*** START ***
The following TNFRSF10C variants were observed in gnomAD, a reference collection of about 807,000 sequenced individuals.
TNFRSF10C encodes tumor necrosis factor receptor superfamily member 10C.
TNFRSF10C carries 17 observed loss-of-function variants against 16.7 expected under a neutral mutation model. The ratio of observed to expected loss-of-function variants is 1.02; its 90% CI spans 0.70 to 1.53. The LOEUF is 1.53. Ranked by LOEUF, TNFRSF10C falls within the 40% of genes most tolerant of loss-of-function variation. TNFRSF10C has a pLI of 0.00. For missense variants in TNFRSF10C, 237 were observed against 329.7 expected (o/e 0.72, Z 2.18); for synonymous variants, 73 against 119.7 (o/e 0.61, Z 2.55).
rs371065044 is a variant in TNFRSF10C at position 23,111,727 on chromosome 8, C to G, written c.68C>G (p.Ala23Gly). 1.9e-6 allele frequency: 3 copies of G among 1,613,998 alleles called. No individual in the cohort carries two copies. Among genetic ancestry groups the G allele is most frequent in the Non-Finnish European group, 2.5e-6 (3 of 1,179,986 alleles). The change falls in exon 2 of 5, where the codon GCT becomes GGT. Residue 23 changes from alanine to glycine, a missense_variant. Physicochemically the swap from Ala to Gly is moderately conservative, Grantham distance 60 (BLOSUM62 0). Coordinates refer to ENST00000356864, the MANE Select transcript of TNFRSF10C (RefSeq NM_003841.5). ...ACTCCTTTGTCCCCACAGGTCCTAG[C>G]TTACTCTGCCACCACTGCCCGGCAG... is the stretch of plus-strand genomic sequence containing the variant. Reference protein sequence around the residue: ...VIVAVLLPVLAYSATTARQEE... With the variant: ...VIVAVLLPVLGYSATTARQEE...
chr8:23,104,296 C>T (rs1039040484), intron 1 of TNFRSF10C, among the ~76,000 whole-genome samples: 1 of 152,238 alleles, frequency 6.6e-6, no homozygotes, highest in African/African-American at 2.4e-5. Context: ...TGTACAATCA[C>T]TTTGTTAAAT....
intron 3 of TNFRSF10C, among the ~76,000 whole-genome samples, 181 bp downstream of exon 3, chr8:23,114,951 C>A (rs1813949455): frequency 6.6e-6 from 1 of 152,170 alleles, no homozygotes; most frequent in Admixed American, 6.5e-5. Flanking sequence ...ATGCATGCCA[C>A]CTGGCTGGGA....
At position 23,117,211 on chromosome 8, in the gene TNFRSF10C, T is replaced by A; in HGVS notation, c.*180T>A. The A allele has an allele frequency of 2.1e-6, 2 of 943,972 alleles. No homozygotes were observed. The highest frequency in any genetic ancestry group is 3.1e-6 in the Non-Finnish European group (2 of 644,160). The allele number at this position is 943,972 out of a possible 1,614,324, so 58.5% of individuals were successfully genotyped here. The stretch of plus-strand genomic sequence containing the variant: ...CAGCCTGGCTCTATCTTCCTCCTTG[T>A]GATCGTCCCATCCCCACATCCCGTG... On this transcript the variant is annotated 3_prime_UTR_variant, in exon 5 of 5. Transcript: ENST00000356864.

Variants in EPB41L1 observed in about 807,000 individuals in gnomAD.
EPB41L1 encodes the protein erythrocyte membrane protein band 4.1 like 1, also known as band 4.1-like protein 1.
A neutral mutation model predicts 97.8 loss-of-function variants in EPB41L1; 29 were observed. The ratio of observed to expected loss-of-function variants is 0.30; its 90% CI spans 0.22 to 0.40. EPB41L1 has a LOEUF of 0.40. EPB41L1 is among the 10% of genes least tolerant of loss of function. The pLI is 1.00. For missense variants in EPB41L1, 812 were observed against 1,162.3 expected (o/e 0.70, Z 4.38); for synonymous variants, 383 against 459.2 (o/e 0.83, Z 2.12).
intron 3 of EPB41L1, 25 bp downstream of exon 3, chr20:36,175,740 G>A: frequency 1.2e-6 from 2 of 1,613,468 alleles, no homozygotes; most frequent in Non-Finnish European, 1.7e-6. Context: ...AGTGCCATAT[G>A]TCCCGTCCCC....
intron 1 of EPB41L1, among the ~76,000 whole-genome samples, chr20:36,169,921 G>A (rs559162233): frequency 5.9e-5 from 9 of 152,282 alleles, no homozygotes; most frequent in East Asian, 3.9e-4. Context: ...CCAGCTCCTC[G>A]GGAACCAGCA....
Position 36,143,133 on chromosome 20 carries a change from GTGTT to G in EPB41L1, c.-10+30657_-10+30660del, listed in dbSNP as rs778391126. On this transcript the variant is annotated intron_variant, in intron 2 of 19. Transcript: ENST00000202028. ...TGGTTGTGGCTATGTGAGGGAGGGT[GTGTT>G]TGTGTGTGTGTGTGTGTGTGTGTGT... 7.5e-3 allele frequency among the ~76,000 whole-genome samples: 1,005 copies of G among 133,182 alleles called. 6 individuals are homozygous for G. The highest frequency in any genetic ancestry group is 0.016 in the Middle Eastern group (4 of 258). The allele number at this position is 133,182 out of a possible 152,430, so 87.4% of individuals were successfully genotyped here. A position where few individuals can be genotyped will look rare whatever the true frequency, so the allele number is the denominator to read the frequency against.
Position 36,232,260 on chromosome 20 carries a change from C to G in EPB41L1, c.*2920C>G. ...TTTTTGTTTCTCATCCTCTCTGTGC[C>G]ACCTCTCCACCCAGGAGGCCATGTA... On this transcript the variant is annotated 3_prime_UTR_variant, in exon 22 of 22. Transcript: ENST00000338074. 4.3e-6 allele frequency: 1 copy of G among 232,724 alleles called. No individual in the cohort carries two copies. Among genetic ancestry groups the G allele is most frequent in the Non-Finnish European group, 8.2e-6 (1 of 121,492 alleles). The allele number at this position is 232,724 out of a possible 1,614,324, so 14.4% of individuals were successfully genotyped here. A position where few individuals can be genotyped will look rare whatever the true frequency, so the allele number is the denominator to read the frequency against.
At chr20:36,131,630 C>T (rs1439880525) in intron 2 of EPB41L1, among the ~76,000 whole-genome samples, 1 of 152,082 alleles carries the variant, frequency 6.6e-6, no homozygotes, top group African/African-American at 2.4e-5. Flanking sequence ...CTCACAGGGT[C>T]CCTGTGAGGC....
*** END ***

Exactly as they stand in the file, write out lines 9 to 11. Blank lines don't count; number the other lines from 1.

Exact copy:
EPB41L1 encodes the protein erythrocyte membrane protein band 4.1 like 1, also known as band 4.1-like protein 1.
A neutral mutation model predicts 97.8 loss-of-function variants in EPB41L1; 29 were observed. The ratio of observed to expected loss-of-function variants is 0.30; its 90% CI spans 0.22 to 0.40. EPB41L1 has a LOEUF of 0.40. EPB41L1 is among the 10% of genes least tolerant of loss of function. The pLI is 1.00. For missense variants in EPB41L1, 812 were observed against 1,162.3 expected (o/e 0.70, Z 4.38); for synonymous variants, 383 against 459.2 (o/e 0.83, Z 2.12).
intron 3 of EPB41L1, 25 bp downstream of exon 3, chr20:36,175,740 G>A: frequency 1.2e-6 from 2 of 1,613,468 alleles, no homozygotes; most frequent in Non-Finnish European, 1.7e-6. Context: ...AGTGCCATAT[G>A]TCCCGTCCCC....